J.J. Watt has been so dominant all season long that we tend to just acknowledge it and move on. It’s very rare that defensive player wins the award–you have to go back to Lawrence Taylor in 1986. He would make a fine candidate in this season where several others are in contention, but I do not think he will get that. He should, however, run away with the Defensive Player of the Year.
On Sunday, Watt sacked Andrew Luck three times and pulled into a tie with Aldon Smith of San Francisco for the sack lead, at 19.5. Both men are now 3 sacks from tying Michael Strahan’s 2001 sack record in the final two games.
It doesn’t matter, though, whether Smith finishes ahead of Watt in one respect. He’s not passing Watt for Defensive Player of the Year, and that will be true whether he breaks the sack record and Watt does not. Football is not the milestone sport that baseball is. We saw last year that Aaron Rodgers easily won the MVP over Drew Brees, even though Brees broke Dan Marino’s season passing yard record. All around play matters, and Watt has been a singular disruptive force in ways beyond sacks, from pressures to batted balls and interceptions, to playing the run.
Advanced NFL Stats has J.J. Watt at 2.71 Wins Added for this season. Pittsburgh linebacker Lawrence Timmons (+2.03) is the only other individual defensive player above 2 wins. Daryl Washington of Arizona is second at linebacker, and has probably had the more impressive feat of reaching double digit sacks while playing middle linebacker in a 4-3 defense. Aldon Smith, meanwhile, is actually the fourth 49er on the list, behind Ahmad Brooks, Navorro Bowman, and Patrick Willis. Smith plays his role and plays it well, but I think you could make serious arguments about who the best defensive player on San Francisco is.
Eight players have previously had twenty sacks or more in a season, a group that Smith and Watt are likely to join. Only three of them won Defensive Player of the Year, and when looking at the rationale, you can see that Watt will run away with the award, regardless of where he finishes in additional sacks.
- Michael Strahan, 22.5 sacks in 2001: won DPOY. Next closest in sacks was Peter Boulware at 15, so Strahan was 6.5 sacks and one Brett Favre lay down better than anyone else.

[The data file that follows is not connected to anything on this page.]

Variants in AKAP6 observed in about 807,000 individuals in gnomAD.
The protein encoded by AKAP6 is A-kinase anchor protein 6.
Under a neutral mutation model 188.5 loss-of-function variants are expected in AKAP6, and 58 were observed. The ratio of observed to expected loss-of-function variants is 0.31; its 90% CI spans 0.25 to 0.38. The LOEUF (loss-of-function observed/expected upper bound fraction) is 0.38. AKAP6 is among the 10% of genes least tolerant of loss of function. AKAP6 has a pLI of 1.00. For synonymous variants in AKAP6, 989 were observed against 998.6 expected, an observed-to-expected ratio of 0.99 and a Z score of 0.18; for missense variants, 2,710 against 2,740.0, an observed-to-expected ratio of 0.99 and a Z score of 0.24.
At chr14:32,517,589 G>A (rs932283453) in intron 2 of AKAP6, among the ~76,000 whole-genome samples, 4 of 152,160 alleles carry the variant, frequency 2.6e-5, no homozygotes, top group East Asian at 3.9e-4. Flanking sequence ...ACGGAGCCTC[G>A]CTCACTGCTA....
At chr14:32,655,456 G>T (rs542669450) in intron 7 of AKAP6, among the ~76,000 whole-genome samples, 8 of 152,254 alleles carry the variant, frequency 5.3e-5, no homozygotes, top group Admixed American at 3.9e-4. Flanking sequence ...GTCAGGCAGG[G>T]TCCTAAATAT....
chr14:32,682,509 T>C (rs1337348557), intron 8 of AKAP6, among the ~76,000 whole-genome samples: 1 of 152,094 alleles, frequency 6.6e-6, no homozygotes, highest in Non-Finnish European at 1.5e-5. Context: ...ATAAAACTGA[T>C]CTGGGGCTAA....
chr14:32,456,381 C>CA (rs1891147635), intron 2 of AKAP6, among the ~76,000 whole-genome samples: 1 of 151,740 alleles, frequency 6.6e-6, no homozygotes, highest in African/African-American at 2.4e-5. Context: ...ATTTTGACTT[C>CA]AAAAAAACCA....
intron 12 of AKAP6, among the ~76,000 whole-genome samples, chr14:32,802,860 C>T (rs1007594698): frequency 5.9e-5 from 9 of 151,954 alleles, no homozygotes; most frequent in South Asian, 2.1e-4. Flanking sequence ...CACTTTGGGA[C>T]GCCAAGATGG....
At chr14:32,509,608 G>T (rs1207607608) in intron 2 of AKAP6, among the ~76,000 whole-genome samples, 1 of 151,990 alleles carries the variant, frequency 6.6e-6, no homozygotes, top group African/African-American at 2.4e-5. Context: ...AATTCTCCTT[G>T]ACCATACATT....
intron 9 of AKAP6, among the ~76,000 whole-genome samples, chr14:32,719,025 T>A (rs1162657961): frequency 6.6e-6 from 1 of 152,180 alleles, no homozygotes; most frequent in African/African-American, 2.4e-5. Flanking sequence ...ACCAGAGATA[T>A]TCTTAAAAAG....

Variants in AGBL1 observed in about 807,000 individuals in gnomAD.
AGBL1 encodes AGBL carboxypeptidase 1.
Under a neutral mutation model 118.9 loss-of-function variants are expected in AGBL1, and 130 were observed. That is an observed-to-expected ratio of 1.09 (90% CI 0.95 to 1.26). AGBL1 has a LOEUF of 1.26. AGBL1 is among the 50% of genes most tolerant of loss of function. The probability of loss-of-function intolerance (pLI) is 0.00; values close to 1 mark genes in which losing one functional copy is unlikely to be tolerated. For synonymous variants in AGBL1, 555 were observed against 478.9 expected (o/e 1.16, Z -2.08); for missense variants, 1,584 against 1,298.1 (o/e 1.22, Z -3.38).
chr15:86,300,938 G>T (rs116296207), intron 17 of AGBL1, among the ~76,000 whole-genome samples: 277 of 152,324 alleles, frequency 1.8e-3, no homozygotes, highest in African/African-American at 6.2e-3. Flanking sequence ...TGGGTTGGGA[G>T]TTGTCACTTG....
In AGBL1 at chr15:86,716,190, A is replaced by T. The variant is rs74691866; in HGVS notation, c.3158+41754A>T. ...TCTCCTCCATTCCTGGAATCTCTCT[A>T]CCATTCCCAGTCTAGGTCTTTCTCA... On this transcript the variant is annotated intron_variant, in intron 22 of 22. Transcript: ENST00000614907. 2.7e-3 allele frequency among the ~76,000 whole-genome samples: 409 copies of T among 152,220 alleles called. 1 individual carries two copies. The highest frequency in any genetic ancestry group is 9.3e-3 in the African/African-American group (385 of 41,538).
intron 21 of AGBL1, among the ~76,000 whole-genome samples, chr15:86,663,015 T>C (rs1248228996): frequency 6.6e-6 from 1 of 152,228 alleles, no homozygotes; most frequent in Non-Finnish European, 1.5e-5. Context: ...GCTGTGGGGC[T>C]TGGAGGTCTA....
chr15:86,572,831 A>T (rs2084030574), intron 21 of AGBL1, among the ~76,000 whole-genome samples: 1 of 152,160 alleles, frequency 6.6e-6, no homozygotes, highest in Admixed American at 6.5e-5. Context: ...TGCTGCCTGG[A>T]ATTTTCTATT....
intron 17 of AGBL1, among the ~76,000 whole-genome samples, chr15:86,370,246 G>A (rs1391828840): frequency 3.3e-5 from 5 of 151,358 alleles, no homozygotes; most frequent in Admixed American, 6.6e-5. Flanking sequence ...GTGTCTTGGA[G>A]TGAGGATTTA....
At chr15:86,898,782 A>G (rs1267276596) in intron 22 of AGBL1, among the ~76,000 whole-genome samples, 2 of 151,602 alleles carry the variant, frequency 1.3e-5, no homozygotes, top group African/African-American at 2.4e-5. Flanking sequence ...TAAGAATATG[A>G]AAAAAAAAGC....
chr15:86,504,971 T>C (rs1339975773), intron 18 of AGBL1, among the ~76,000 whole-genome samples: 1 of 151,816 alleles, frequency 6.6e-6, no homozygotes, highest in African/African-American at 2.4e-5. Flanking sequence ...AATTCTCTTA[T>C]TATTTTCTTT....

- Jared Allen, 22.0 sacks in 2011: Terrell Suggs won DPOY. DeMarcus Ware was 2.5 sacks behind Allen, and Suggs had 14 sacks and forced several key fumbles.
- Mark Gastineau, 22.0 sacks in 1984: Kenny Easley won DPOY. Gastineau set the record for the newly minted sack, with Andre Tippett 3.5 sacks behind. The award went to Easley, who intercepted 10 passes (two for touchdown) for the playoff bound Seahawks.
- Reggie White, 21.0 sacks in 1987: won DPOY. If you are dominant, you win the award. White had one of the most dominant seasons ever by a defensive lineman. Remember, in 1987, a lockout resulted in three games being played by scabs, and in missing another. White had 21 sacks in 12 games, 8.5 more than any other player (Dent, Tippett).
- Chris Doleman, 21.0 sacks in 1989: Keith Millard won DPOY. Showing that selectors put position as a factor, Doleman lost out to his teammate Millard, who played defensive tackle and still recorded 19 sacks from that interior position, only two behind Doleman.
- Lawrence Taylor, 20.5 sacks in 1986: won DPOY and league MVP. LT won his third DPOY award in 1986 with another dominant performance, so dominant that Phil Simms is a broadcaster.
- Derrick Thomas, 20.0 sacks in 1990: Bruce Smith won DPOY. The most similar case to this year, where Thomas, a pass rush demon, finished ahead of the all-around lineman Smith in sacks, but just barely. Bruce Smith’s 19 sacks by a 3-4 DE were the record until Watt passed him on Sunday.
- DeMarcus Ware, 20.0 sacks in 2008: James Harrison won DPOY. Ware had 2.5 more sacks than Joey Porter. Harrison won the award while having 16.0 sacks for Super Bowl Champion Pittsburgh.
With Watt putting up one of the most dominant performances ever for a defensive end in a 3-4 scheme, and Von Miller also establishing a new record for an OLB playing in a 4-3, I don’t even think Aldon Smith finishes top three in voting for the award. J.J. Watt will win it easily, and the only thing in doubt is who will end up with the most sacks.
[photo via USA Today Sports Images]